If this is an improvement over the status quo, right now I don't see how.
This moves the ball into the Progressive Block's court, not into President Obama's. This draft proposal from Baucus is nowhere close to the type of health care bill they have said they can support. Off hand, it seems perfectly justified to send this bill down to defeat. However, as activists, we only have power to defeat or change this bill if the Progressive Block decides to hold the line. They are going to be asked to fold and compromise, so it is their time to demonstrate leadership. Let's see what happens.
No matter what happens, it is imperative that there is at least a vote on a robust public option in both branches of Congress. We need a roll call indicating who opposes a real public option, and is instead looking to force this crappy bill on us. Otherwise, there will be no way to hold Congress accountable.
I am sure more reaction will be coming out as the detail of the plan become public knowledge. I will update this as I see them.
[Update] More reactions on the Baucus plan from the left at Talk Left:
I put the blame for this on President Obama. Not only has he done a lousy job of explaining what he is willing to accept, he's done a lousy job of explaining the benefits of the bill and the sacrifices it will mean for the rest of us. And now, to top it off, he seems completely focused on passing any bill at all, just so he can say his Administration didn't fail. This compromise is a failure. If it passes, and he starts bragging about how his Administration passed critical health care reform, I'm going to tune him out.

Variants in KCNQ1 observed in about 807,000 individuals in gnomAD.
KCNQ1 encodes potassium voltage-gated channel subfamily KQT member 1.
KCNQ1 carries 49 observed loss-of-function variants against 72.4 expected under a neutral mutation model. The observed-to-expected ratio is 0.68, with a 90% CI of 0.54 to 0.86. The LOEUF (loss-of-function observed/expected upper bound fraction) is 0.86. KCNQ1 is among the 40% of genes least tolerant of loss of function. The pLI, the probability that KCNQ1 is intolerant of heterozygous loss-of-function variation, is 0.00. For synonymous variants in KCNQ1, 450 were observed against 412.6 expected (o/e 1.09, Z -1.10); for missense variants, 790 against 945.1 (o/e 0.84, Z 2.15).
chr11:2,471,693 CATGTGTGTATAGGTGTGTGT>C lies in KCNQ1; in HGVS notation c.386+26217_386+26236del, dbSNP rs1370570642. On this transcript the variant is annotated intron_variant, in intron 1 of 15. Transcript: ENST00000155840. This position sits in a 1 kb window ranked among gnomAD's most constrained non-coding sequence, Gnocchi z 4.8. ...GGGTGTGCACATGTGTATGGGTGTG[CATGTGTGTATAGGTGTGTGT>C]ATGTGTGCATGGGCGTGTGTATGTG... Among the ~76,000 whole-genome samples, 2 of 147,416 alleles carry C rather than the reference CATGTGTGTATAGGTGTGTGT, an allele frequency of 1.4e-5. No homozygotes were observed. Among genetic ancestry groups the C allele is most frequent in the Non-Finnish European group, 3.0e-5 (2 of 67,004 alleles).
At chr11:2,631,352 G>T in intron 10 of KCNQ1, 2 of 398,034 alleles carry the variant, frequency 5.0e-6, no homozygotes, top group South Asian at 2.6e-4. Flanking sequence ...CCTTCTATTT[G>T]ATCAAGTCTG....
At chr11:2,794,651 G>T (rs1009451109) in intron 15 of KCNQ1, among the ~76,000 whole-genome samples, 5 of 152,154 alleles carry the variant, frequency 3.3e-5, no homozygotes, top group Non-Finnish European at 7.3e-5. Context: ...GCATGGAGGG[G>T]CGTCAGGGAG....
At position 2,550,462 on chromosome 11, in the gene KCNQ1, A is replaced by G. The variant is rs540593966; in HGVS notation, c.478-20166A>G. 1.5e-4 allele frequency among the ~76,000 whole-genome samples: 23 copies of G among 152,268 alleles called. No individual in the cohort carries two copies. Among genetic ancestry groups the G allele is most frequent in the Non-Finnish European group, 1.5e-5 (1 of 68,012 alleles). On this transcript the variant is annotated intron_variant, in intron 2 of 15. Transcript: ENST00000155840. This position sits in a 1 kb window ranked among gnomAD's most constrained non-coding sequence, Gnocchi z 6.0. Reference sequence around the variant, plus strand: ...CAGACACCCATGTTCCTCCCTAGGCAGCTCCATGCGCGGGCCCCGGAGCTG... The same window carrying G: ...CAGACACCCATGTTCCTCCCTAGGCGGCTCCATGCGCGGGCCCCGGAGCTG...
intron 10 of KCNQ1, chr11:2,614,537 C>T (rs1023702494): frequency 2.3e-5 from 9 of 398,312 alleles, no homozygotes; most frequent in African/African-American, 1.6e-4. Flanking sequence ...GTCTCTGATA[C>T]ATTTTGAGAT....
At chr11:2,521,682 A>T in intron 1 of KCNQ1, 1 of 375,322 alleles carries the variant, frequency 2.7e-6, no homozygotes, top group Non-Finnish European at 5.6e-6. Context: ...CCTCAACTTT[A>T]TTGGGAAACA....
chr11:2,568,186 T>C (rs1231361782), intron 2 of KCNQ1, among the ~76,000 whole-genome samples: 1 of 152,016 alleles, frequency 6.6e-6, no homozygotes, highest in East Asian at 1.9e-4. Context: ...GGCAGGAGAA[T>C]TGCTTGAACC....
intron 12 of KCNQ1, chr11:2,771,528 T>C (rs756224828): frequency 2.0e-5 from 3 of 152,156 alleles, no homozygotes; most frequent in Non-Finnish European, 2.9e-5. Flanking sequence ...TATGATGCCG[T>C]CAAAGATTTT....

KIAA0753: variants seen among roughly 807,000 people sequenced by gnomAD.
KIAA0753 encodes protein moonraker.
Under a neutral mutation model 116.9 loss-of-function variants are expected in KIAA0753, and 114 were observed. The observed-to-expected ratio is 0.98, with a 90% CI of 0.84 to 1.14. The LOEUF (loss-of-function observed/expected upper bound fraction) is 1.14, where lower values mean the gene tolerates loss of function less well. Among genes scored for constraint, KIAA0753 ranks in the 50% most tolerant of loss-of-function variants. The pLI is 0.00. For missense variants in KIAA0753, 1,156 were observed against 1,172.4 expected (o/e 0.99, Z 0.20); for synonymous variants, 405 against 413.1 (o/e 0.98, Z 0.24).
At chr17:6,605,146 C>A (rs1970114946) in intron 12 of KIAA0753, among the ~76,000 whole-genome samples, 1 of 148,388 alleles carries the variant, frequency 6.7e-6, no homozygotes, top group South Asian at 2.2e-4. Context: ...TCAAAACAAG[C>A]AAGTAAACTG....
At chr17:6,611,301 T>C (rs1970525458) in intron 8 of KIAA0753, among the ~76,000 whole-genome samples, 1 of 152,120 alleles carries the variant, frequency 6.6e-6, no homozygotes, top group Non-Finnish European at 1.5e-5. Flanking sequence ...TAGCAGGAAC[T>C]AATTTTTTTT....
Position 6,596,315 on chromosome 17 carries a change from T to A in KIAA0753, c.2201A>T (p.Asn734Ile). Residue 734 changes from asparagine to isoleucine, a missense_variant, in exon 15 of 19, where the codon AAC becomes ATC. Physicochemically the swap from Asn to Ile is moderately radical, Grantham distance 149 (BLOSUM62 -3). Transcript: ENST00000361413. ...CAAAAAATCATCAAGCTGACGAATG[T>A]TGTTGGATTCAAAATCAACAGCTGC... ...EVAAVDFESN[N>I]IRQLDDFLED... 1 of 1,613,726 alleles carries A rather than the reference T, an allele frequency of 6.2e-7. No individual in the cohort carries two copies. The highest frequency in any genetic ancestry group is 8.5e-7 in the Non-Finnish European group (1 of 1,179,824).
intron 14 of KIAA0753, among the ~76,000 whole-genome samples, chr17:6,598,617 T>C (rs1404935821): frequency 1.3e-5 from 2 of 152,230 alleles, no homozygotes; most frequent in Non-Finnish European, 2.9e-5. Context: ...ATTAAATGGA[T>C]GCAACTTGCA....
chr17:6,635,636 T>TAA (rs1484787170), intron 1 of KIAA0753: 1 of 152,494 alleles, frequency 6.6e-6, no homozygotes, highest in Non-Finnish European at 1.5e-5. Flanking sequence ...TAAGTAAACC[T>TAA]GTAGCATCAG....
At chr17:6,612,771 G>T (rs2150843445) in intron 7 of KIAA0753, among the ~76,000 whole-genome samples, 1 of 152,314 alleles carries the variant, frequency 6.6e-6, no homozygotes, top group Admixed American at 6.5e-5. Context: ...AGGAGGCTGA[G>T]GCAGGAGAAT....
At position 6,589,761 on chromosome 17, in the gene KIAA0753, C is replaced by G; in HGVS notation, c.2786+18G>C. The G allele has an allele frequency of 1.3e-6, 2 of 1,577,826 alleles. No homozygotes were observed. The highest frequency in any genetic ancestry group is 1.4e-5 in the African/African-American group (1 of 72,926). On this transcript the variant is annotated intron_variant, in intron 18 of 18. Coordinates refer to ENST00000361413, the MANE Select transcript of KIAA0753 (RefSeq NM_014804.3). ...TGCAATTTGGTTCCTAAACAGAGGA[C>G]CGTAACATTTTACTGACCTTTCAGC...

If this is the compromise bill Obama says he supports, I hope it gets rejected in the House. There's plenty of time between now and 2014 to get it right. As with all legislation, a bad bill is worse than no bill at all.
The only way to keep insurance premiums down for the poor, and therefore keep the subsidies down, is to make the coverage less generous. And the insurers would only pay for covered expenses. Anything not covered by the plan would go directly to the consumer. Someone making $20,000 a year would still be on the hook for up to $6,000 in medical bills under this plan, and that doesn't include their premiums or non-covered expenses. Insurers, then, get off the hook for a huge chunk of medical costs while having to pay a nominal tax, and the goal is actually to have them not pay it at all, but simply to discourage companies from buying good insurance policies for their workers. And you would still see plenty of medical bankruptcies. Virtually everyone's health coverage gets worse under this Baucus scenario. I don't remember "Less Quality Now!" being part of any sloganeering on the reform side.
Plenty more to come as more reactions come in.